Here is how bad your experience can get.

  1. I’ve tried to work on her site for about 8 occasions now, since we started about a month ago, and on almost every occassion, I experienced a server downtime of at least 10-15 minutes. Today, its been down for over 2 hours already (that’s what triggered this post!)
  2. I’ve been corresponding with their technical support for help on an unusual .htaccess issue – its been 2 weeks and 8 emails to and from them, but I’ve not got a good response. Different people handled my email every single time I replied, and none of them resolved the question directly.

And when I tried to log in to their web admin panel today, I got this:

Web Hosting

So, this is it. I’m getting my friend to switch to another provider.

Here’s what to look out for when selecting a web hosting provider

1. Real Reviews

Go on to forums like Web Hosting Talk, where you can get real reviews and comments from people who are using the provider you are considering. Many web hosting providers provide affiliate programs, so be wary of reviews that have “affiliate intentions”.

2. Peanuts are for Monkeys

If it seems too good to be true, it probably is. Getting a web server, bandwidth and web space cost money. Think about this. If the web host doesn’t charge you enough, how do they pay for their servers? If you’ve got a “awesome deal” to have unlimited sites for $1.99 a month, you better be prepared for monkey service and support.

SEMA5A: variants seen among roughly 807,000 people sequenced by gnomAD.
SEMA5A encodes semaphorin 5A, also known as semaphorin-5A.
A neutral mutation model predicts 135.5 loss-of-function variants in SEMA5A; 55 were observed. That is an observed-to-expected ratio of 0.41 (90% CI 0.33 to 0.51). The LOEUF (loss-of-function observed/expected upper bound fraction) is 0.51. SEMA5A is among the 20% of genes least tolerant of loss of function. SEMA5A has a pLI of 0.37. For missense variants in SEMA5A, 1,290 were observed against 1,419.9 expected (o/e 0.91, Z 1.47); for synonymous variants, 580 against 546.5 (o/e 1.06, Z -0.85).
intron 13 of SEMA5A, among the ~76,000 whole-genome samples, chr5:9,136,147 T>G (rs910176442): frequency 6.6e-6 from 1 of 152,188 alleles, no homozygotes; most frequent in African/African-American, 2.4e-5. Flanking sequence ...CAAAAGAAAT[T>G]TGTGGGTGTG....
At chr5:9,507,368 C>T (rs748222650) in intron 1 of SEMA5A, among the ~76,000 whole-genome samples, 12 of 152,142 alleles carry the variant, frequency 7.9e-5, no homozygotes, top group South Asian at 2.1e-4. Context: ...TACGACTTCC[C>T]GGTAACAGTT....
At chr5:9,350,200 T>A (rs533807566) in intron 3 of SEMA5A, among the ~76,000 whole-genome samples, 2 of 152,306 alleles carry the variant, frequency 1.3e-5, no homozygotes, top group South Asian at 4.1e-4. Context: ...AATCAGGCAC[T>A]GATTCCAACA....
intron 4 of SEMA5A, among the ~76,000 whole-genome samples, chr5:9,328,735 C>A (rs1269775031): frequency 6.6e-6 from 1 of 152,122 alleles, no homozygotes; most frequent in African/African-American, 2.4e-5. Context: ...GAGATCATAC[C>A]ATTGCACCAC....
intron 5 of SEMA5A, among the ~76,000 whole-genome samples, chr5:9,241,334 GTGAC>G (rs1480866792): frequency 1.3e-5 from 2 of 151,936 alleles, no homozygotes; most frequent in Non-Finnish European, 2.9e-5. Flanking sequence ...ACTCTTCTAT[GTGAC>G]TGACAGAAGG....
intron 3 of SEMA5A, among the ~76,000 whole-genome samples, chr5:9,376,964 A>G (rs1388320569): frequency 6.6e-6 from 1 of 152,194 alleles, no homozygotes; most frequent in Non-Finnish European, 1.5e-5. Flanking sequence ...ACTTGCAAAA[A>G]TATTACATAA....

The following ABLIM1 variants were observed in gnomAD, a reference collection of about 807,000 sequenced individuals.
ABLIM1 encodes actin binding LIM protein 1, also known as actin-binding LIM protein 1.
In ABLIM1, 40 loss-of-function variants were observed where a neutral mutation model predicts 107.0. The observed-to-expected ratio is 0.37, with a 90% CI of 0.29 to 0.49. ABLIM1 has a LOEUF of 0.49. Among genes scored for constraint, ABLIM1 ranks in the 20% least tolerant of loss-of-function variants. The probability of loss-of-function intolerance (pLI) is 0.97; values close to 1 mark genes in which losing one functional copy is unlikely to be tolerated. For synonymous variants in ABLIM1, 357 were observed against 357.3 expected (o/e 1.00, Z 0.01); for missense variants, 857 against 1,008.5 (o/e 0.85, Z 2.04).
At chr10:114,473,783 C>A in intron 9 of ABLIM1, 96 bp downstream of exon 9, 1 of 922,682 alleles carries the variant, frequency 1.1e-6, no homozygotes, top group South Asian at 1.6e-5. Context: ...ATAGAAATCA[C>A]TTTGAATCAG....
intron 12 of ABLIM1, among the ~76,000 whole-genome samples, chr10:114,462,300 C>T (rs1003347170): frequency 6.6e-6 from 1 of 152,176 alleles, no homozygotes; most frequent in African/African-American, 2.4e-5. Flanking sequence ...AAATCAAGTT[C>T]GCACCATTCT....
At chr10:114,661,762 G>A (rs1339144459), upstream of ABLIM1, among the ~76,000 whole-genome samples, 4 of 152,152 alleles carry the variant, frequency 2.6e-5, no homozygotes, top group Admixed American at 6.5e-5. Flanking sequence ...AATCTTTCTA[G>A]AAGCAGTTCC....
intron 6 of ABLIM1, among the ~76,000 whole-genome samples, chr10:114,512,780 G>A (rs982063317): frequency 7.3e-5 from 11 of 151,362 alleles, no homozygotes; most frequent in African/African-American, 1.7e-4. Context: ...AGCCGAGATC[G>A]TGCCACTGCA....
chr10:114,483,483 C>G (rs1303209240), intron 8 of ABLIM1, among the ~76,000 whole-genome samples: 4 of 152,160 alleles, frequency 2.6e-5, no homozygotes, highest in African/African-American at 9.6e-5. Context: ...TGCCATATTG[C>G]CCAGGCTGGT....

3. Know the specifications

If you are serious about your web business, ask and compare server specifications. A Pentium 286 web hosting server running off a guy’s garage is definitely going to bring a different experience to one running in a datacenter. Ask about location, CPUs, allocated memory and bandwidth.

4. Test their support

When you have decided on a provider. Take the 1 month plan (don’t commit to 6 – 12 months unless you are confident of the services), and as soon as you get your account, test out their response time for support emails. If they take more than 36 hours to get back, it is time for you to get another provider.

What do I recommend?

Personally I use Hostgator on many of my domains and Singapore Web Hosting for domains I want hosted in Singapore.

I stick to these two providers because I have experienced good support so far, and good server uptime on my reseller accounts. But don’t take my word for it, go do your own research and get a good host.

Remember, if you are operating an Internet business, your website is your retail shop. Don’t scrimp on it. In fact, pay them well so they can give you a peace of mind.

PC Show 2009 at Suntec City

The PC Show in Singapore is now on at Suntec City! It has in fact started yesterday, from 11th – 14th June 2009, 12pm to 9pm.

PC Show 2009 Singapore

Unfortunately, because of my hectic schedule this time round, I’m gonna give it a miss.

According to the press release, this time, there is also a “Lucky Purchaser’s Draw” – stand chances to win $10,000 and other prizes like LCD televisions, camcorders and MP3 players with every $50 spent!

So have the effects of the downturn in economy sunken into Singaporeans? I think not! Yesterday’s CNA news still reported thousands of bargain hunters chionging to Suntec city before the gates are open for the best deals! :mrgreen:

But I think its good for me to stay away, keep my money and save it for my iMac at the end of this year!